Automotive News enjoyed a recent opportunity to check out the Rivian engineering and design center. The publication also shared some words with the company's communications chief Michael McHale.
With the launch of its R1T electric pickup truck planned for late 2020, Rivian clearly has much work ahead of it. However, according to Automotive News (AN), the automaker seems to be making the right choices to move toward its goal successfully.
AN learned that Rivian's engineers are trying to keep everything as simple as possible. For instance, the company is rounding up tried-and-true parts from global suppliers. This way, it's already known that the parts are readily available and work well over time. AN writes:
One thing in Rivian's favor: Engineers are keeping things as simple as possible by working with major global suppliers, a smart move. If Rivian buys such things as tie-rod ends, ball joints, fasteners, window regulators and other parts that go in, on and under the vehicle from the industry's top suppliers -- components, systems and technologies that have already been tested to extremes -- no one will care if an F-150 or a Subaru Forester uses the same type of system as long as it works properly.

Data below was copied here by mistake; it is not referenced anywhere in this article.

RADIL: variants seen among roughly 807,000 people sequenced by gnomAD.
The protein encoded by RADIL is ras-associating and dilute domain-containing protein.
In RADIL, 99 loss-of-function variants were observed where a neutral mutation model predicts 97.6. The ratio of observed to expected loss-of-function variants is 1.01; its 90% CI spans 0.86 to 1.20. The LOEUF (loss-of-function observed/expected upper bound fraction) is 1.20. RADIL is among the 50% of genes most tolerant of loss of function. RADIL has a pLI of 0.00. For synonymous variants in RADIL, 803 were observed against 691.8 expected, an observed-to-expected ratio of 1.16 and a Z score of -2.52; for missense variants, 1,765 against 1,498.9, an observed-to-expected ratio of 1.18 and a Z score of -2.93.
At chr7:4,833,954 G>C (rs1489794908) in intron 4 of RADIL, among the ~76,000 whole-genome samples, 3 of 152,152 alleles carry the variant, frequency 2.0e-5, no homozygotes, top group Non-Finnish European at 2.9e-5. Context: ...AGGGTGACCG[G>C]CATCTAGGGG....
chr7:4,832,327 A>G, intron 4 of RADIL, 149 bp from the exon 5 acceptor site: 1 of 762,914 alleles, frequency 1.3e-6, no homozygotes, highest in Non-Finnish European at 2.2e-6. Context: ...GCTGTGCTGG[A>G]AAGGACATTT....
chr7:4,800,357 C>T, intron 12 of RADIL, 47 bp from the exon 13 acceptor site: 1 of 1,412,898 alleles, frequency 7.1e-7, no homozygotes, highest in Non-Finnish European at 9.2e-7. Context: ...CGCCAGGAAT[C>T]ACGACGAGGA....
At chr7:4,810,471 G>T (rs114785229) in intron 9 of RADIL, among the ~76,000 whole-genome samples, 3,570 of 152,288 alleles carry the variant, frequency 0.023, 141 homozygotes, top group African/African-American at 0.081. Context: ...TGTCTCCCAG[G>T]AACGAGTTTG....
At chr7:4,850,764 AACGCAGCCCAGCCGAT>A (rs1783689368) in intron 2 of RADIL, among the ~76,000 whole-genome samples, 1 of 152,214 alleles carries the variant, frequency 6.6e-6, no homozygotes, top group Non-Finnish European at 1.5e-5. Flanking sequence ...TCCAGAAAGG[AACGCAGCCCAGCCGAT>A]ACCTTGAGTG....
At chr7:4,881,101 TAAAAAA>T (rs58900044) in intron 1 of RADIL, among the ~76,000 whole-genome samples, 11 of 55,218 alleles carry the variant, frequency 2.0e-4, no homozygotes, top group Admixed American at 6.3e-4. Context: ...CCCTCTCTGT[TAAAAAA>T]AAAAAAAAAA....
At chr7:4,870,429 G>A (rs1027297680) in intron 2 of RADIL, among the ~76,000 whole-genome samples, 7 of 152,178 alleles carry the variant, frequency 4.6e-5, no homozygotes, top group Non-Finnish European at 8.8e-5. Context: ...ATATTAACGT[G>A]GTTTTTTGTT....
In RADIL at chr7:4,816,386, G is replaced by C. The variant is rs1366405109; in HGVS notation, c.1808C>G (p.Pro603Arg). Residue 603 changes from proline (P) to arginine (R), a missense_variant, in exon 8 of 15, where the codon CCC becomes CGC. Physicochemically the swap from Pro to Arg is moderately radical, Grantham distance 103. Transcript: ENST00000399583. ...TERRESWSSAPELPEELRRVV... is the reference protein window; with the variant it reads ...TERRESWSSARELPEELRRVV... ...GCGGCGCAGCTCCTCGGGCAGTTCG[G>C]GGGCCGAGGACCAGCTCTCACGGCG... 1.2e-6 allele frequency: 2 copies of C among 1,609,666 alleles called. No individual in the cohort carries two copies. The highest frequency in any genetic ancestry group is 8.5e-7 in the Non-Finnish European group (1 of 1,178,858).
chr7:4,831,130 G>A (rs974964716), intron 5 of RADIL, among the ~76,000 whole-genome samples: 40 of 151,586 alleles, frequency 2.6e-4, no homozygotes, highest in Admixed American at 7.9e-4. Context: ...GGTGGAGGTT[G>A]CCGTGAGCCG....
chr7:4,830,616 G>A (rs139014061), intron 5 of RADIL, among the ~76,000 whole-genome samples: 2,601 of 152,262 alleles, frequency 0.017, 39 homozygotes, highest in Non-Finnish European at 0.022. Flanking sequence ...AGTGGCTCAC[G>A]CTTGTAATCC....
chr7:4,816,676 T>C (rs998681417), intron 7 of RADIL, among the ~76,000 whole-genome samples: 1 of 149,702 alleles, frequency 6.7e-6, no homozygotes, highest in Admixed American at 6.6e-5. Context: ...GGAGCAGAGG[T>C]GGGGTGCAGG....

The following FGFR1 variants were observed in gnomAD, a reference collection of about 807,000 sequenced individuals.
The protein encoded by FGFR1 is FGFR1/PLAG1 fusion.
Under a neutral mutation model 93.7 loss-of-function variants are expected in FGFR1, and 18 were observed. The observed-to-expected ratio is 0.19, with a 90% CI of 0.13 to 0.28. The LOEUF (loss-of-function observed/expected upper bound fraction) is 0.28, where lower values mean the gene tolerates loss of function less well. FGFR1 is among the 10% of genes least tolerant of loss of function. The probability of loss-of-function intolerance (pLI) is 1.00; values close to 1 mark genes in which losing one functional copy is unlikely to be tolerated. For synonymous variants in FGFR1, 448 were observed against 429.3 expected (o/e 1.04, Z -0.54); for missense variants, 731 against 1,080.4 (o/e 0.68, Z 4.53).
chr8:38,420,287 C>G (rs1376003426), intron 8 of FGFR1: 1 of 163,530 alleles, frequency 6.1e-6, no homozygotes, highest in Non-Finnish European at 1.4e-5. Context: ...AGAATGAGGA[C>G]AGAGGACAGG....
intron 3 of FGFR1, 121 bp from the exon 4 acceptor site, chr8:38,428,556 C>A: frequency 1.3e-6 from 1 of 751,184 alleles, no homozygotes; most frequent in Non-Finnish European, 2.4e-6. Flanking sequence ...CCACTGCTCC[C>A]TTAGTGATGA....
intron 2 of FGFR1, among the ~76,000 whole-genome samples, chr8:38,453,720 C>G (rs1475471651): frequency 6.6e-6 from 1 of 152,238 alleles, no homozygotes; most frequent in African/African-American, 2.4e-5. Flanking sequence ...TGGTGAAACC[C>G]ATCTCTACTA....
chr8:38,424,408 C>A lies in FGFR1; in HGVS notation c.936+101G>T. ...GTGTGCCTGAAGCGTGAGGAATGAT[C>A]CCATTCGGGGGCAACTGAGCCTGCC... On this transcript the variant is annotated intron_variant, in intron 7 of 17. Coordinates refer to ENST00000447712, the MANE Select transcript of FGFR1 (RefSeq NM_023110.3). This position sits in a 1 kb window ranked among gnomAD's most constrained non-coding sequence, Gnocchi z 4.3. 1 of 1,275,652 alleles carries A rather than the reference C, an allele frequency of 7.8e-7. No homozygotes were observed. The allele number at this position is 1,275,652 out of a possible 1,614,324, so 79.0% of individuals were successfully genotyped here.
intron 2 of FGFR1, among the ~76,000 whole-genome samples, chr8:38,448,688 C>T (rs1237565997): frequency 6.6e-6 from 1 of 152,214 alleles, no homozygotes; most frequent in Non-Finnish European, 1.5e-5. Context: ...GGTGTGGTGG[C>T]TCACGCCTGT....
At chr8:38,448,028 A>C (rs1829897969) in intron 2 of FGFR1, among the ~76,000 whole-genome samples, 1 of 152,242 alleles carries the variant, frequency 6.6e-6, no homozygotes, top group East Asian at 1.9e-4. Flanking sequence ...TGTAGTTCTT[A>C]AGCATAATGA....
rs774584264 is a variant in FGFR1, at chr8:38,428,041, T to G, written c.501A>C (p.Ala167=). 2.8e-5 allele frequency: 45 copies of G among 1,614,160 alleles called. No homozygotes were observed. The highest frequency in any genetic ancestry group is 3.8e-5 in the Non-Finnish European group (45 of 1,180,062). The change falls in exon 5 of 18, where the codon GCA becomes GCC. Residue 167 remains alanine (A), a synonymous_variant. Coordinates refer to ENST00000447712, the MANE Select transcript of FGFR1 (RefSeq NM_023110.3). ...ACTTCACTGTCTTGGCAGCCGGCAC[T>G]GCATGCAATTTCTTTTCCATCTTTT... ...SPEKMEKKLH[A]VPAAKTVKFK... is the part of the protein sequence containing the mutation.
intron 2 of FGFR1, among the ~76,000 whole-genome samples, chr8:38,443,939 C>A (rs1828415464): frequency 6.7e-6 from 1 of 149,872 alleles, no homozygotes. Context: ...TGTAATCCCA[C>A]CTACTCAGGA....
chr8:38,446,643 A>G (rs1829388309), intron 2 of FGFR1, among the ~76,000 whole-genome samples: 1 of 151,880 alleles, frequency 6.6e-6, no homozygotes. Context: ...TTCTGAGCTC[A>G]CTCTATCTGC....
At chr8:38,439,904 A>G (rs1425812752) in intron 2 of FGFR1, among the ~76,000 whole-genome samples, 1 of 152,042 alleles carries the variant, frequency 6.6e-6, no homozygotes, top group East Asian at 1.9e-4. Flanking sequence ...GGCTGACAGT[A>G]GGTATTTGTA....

As we previously reported, Rivian will begin test drives this summer. McHale also revealed that the automaker plans to start crash testing vehicles around the same time.
In addition, the communication's head spoke about Rivian's mammoth battery pack. He confirmed once again that it will be world's largest automotive pack, with some 7,776 individual cells. As automakers struggle to secure enough batteries, hopefully, Rivian's early planning can help it to succeed in this area.
At this point, it's just a waiting game when it comes to Rivian's progress and launch. Of course, we'll continue to keep you apprised of the situation as it unfolds.
In the meantime, head over to our new RivianChat forum for more conversation about this dynamic company and its products. More specifically, you can share your thoughts about the R1T by clicking here.
Source: Automotive News